Foxcatcher

Movie review by
S. Jhoanna Robledo, Common Sense Media
Foxcatcher Movie Poster Image
Tense, well-acted tale of real-life psychological drama.
  • R
  • 2014
  • 134 minutes

Parents say

age 14+
Based on 3 reviews

Kids say

age 16+
Based on 2 reviews

A lot or a little?

The parents' guide to what's in this movie.

Positive Messages

Even the toughest and cruelest adversity brings life lessons. You should always let someone know how much you love them, because it's important that they know where they stand. And money can't buy you happiness or loyalty.

Positive Role Models & Representations

Mark and Dave Schultz are committed to wrestling -- not for the glory or the medals, but for the love of it. Dave is especially caring of his brother and always makes sure that he feels supported and cared for.

Violence

Wrestling is at the heart of the story, and it's all about vanquishing your opponent physically. A few bouts get quite physical, teetering on the brink of an actual fight. A menacing atmosphere prevails at Foxcatcher. A man brandishes a gun during practice, foreshadowing a tragedy. A gun is fired at a practice range. A man hits himself out of anger; it's disturbing to watch.

Sex

Nonsexual nudity during a wrestling weigh-in scene.

Language

Very little salty language.

Consumerism

The Olympic wrestling team and the DuPont family brand feature prominently. A character eats a Nestle Crunch bar.

Drinking, Drugs & Smoking

A man has a very obvious problem with cocaine. He's shown snorting it and teaching someone else to do so. Plenty of drinking (beer, shots). Another character is shown smoking weed via a bong.

What parents need to know

Parents need to know that Foxcatcher is a compelling but disturbing psychological crime drama based on real-life events. There's some brief non-sexual nudity during a wrestling weigh-in, and characters are shown abusing drugs (mostly cocaine, but characters also drink and smoke weed). Guns are brandished and fired, and some wrestling matches get very intense. But most disturbing is what's obviously a dysfunctional relationship between two characters; their mind games played are hard to watch, and younger viewers may find their dynamic uncomfortable and upsetting.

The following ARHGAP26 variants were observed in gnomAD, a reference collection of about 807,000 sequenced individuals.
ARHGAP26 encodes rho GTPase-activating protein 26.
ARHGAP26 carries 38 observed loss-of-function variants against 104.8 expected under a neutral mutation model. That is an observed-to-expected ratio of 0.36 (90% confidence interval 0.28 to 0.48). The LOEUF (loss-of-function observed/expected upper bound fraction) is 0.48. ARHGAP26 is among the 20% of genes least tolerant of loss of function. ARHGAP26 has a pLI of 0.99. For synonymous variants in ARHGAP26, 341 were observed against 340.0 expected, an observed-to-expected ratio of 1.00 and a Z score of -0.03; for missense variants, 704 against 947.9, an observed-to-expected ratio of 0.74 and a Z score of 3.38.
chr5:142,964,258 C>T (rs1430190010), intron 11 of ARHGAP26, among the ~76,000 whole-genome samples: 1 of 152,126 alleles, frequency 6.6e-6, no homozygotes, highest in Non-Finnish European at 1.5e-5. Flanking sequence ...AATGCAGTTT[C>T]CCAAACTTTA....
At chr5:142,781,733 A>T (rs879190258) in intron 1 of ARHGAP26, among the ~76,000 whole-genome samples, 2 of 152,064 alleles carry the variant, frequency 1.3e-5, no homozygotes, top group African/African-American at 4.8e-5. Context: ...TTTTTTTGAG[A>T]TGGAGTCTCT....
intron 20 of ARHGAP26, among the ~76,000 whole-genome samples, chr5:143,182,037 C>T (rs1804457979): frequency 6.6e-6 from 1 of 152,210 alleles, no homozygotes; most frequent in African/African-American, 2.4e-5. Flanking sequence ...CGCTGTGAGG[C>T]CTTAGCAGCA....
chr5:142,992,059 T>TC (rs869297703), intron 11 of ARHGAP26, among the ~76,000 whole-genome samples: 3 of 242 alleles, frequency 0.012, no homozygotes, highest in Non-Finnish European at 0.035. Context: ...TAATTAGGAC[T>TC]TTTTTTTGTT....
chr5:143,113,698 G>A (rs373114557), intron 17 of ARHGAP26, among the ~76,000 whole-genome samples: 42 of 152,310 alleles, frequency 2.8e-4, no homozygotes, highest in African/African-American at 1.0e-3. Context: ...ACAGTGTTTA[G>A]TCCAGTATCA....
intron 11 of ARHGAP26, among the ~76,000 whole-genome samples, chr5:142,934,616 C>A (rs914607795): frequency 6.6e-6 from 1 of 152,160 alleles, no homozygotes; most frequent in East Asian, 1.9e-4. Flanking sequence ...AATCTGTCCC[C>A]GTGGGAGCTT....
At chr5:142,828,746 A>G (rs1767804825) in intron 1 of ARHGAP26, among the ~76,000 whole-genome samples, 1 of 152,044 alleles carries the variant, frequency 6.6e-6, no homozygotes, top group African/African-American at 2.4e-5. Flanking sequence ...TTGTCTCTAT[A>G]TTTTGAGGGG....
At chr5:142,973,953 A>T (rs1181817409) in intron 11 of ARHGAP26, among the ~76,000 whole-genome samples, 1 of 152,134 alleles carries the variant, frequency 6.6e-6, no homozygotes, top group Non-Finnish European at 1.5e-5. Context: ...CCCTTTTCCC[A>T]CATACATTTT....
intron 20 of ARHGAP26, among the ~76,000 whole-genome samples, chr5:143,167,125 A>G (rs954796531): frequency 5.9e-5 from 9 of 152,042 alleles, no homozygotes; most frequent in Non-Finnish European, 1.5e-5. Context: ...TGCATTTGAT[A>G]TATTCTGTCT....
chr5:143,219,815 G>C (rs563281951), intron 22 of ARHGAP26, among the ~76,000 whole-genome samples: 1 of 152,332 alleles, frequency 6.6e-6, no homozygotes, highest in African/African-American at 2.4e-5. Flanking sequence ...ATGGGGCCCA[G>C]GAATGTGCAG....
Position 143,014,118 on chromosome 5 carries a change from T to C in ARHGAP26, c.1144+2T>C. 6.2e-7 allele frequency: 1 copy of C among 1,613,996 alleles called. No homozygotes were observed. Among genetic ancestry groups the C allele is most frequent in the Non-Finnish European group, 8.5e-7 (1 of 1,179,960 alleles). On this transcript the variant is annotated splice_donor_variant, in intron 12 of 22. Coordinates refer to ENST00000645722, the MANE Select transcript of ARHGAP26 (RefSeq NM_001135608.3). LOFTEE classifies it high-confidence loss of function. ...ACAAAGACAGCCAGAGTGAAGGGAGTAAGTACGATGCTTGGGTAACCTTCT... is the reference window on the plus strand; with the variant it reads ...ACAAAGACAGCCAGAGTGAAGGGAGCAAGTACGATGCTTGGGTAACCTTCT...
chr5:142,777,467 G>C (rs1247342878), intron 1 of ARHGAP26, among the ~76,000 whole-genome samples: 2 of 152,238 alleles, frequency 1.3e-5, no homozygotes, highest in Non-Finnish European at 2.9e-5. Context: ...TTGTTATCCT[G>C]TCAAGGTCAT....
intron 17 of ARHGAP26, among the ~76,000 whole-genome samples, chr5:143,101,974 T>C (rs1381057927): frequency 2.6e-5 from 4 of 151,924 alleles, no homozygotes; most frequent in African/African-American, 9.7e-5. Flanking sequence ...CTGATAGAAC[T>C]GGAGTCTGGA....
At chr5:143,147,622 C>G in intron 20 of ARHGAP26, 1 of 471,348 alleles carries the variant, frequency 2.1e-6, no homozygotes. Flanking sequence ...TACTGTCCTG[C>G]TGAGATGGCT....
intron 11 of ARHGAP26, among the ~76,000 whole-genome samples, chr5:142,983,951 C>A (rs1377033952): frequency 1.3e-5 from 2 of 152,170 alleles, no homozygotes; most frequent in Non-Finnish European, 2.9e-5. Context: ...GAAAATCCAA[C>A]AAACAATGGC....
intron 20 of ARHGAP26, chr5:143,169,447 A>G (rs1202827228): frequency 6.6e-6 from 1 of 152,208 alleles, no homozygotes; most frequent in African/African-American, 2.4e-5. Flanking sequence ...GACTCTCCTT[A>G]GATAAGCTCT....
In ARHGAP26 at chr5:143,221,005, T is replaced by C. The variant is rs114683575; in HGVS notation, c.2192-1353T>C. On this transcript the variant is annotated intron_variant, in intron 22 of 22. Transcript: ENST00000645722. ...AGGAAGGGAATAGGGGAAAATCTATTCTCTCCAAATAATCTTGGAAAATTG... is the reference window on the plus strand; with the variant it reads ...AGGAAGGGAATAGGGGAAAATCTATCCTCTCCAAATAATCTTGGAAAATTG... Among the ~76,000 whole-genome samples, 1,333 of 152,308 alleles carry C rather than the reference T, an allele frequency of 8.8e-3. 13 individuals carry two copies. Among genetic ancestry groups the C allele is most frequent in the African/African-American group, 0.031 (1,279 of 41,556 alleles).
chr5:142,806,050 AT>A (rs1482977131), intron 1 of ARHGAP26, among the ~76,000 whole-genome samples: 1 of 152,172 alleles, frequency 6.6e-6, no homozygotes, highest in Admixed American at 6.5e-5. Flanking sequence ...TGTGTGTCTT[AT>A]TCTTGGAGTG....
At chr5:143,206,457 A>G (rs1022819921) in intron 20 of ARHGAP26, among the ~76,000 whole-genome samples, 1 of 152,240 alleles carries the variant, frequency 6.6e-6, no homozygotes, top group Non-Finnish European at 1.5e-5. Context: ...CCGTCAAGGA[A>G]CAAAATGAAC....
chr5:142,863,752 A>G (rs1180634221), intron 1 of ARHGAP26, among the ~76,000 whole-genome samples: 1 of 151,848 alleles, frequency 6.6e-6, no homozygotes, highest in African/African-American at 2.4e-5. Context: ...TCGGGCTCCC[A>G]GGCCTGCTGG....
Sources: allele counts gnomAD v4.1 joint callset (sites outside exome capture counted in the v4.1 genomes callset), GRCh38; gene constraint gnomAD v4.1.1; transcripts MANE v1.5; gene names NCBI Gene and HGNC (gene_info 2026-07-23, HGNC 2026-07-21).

User Reviews

  • Parents say
  • Kids say
Adult Written byB-KMastah December 11, 2014

Terrific performances all around.

The first thing that I want to say here is that damn, this movie is slow. And no, that's not a bad thing, because the pacing is pretty good and the movie i... Continue reading
Adult Written byzeekattacklee November 9, 2015

Foxcatcher review..

I really enjoyed this film. Although the film does have a couple scenes of drug use.. This film does come out as a very tame R rated film. Other than that , I... Continue reading
Teen, 13 years old Written byrebo344 December 29, 2014

Superb performances from Channing Tatum, Mark Ruffalo and Steve Carrell make this film stellar.

A magnificent film. Superb performances from Channing Tatum, Mark Ruffalo and Steve Carrell make this film stellar. One of the best films of the year.
Teen, 13 years old Written byczetterquist17 November 28, 2014